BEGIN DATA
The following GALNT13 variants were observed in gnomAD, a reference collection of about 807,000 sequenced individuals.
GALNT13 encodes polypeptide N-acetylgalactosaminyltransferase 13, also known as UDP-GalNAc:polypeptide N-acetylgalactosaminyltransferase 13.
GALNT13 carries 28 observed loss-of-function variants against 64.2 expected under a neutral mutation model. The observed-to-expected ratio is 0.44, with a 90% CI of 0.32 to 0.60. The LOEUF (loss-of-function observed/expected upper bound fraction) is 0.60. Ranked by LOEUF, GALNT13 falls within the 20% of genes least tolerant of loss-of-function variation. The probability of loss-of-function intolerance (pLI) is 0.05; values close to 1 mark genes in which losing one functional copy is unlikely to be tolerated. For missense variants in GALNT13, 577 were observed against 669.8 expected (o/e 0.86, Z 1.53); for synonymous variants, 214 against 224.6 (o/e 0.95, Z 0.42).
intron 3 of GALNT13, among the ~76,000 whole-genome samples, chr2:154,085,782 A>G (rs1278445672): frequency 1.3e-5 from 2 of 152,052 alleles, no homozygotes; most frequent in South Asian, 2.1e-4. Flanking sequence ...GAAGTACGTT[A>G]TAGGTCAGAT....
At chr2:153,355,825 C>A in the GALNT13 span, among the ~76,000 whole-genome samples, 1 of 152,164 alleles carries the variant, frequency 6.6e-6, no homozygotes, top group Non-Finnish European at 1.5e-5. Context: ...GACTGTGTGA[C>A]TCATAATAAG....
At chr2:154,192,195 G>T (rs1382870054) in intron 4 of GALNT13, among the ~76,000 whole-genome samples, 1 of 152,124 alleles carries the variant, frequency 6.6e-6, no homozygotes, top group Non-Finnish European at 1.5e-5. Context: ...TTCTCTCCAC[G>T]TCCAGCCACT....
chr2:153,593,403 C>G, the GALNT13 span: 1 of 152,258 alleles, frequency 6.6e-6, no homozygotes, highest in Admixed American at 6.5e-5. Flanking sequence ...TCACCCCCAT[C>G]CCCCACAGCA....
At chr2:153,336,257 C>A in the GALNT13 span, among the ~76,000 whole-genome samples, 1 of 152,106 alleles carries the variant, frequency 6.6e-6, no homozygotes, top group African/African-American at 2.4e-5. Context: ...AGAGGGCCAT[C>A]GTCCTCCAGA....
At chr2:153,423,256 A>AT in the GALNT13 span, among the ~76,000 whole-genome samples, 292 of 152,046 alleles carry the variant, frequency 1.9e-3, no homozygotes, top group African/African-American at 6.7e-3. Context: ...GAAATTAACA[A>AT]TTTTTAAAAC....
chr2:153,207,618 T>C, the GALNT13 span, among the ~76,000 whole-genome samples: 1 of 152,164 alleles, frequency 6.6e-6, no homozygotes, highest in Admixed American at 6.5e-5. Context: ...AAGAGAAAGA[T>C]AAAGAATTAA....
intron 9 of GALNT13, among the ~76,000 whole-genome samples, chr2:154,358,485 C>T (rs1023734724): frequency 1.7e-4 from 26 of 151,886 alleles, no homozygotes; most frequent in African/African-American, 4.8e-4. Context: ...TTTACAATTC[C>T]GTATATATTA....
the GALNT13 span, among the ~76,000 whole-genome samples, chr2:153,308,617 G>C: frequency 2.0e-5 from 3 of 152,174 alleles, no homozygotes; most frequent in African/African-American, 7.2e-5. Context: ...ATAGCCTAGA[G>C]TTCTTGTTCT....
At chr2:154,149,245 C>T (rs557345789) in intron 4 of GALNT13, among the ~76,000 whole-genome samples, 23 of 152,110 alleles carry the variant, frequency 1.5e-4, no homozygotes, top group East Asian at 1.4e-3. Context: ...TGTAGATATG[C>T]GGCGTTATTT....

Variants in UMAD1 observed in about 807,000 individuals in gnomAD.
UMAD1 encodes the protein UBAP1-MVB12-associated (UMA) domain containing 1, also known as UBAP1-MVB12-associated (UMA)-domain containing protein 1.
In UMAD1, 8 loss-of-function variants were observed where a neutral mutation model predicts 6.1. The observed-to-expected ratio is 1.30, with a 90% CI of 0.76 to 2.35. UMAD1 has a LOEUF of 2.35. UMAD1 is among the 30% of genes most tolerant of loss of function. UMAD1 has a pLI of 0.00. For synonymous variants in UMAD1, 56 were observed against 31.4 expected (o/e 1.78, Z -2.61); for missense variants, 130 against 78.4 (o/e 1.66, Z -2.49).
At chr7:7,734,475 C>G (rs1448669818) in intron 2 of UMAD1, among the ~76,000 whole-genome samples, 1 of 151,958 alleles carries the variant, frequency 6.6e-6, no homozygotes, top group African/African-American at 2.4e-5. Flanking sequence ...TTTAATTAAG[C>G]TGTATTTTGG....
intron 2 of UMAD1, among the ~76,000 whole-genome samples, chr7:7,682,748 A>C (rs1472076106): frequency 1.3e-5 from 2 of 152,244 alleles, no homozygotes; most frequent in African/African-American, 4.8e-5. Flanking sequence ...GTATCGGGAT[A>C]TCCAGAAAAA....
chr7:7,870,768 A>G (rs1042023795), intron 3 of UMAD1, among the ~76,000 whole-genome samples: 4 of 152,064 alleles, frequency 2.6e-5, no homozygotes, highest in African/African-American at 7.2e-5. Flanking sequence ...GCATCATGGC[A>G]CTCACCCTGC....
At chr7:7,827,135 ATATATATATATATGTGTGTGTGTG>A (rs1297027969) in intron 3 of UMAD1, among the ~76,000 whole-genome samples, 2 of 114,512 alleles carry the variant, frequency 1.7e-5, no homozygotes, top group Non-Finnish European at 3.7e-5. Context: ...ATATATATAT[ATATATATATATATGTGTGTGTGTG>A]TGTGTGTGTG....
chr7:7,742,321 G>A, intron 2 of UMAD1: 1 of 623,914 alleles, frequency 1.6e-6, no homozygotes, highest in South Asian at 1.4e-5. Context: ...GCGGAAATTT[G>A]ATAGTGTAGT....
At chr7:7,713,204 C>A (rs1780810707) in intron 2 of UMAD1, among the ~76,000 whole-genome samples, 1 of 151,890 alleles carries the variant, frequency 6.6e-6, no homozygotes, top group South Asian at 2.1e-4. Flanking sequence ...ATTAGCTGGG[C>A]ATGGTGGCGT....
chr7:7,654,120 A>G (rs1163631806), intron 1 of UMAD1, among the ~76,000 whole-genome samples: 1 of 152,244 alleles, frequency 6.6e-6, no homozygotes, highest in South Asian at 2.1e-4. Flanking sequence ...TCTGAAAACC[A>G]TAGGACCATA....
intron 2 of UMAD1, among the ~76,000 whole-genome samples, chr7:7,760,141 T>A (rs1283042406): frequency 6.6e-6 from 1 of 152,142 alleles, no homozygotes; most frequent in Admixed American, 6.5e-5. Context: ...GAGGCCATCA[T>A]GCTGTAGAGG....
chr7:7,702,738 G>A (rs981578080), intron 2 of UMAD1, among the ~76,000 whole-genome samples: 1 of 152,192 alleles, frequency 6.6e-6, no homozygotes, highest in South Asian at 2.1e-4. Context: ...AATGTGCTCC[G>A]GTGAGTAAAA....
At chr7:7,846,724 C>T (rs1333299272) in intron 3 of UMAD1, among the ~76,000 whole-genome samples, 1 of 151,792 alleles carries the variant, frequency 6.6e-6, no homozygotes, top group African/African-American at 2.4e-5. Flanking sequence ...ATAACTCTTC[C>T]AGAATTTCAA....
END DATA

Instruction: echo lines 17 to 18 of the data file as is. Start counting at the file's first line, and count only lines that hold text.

At chr7:7,734,475 C>G (rs1448669818) in intron 2 of UMAD1, among the ~76,000 whole-genome samples, 1 of 151,958 alleles carries the variant, frequency 6.6e-6, no homozygotes, top group African/African-American at 2.4e-5. Flanking sequence ...TTTAATTAAG[C>G]TGTATTTTGG....
intron 2 of UMAD1, among the ~76,000 whole-genome samples, chr7:7,682,748 A>C (rs1472076106): frequency 1.3e-5 from 2 of 152,244 alleles, no homozygotes; most frequent in African/African-American, 4.8e-5. Flanking sequence ...GTATCGGGAT[A>C]TCCAGAAAAA....